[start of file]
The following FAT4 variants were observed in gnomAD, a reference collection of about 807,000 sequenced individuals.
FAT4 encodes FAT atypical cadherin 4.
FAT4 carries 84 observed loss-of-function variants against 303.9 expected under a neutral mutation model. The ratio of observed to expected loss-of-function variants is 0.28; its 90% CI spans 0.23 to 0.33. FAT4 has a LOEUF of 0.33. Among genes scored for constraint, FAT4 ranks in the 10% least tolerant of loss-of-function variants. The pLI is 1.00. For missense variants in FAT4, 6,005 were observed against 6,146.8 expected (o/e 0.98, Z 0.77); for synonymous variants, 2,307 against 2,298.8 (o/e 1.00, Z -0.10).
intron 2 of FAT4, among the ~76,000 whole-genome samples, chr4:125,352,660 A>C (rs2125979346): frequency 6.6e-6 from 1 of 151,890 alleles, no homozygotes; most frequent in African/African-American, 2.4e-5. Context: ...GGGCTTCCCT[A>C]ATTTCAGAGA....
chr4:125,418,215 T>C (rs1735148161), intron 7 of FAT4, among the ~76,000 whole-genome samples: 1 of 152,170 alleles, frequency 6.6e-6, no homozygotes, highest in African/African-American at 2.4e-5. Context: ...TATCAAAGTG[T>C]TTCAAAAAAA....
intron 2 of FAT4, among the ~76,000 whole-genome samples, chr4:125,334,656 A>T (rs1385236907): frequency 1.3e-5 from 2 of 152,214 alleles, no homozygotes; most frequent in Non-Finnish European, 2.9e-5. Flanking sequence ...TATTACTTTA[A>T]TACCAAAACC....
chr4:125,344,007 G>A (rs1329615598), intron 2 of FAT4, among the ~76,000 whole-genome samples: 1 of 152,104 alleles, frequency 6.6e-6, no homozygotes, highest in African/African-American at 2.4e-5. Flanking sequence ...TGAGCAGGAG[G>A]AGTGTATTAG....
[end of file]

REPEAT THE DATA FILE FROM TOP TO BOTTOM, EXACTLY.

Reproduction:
The following FAT4 variants were observed in gnomAD, a reference collection of about 807,000 sequenced individuals.
FAT4 encodes FAT atypical cadherin 4.
FAT4 carries 84 observed loss-of-function variants against 303.9 expected under a neutral mutation model. The ratio of observed to expected loss-of-function variants is 0.28; its 90% CI spans 0.23 to 0.33. FAT4 has a LOEUF of 0.33. Among genes scored for constraint, FAT4 ranks in the 10% least tolerant of loss-of-function variants. The pLI is 1.00. For missense variants in FAT4, 6,005 were observed against 6,146.8 expected (o/e 0.98, Z 0.77); for synonymous variants, 2,307 against 2,298.8 (o/e 1.00, Z -0.10).
intron 2 of FAT4, among the ~76,000 whole-genome samples, chr4:125,352,660 A>C (rs2125979346): frequency 6.6e-6 from 1 of 151,890 alleles, no homozygotes; most frequent in African/African-American, 2.4e-5. Context: ...GGGCTTCCCT[A>C]ATTTCAGAGA....
chr4:125,418,215 T>C (rs1735148161), intron 7 of FAT4, among the ~76,000 whole-genome samples: 1 of 152,170 alleles, frequency 6.6e-6, no homozygotes, highest in African/African-American at 2.4e-5. Context: ...TATCAAAGTG[T>C]TTCAAAAAAA....
intron 2 of FAT4, among the ~76,000 whole-genome samples, chr4:125,334,656 A>T (rs1385236907): frequency 1.3e-5 from 2 of 152,214 alleles, no homozygotes; most frequent in Non-Finnish European, 2.9e-5. Flanking sequence ...TATTACTTTA[A>T]TACCAAAACC....
chr4:125,344,007 G>A (rs1329615598), intron 2 of FAT4, among the ~76,000 whole-genome samples: 1 of 152,104 alleles, frequency 6.6e-6, no homozygotes, highest in African/African-American at 2.4e-5. Flanking sequence ...TGAGCAGGAG[G>A]AGTGTATTAG....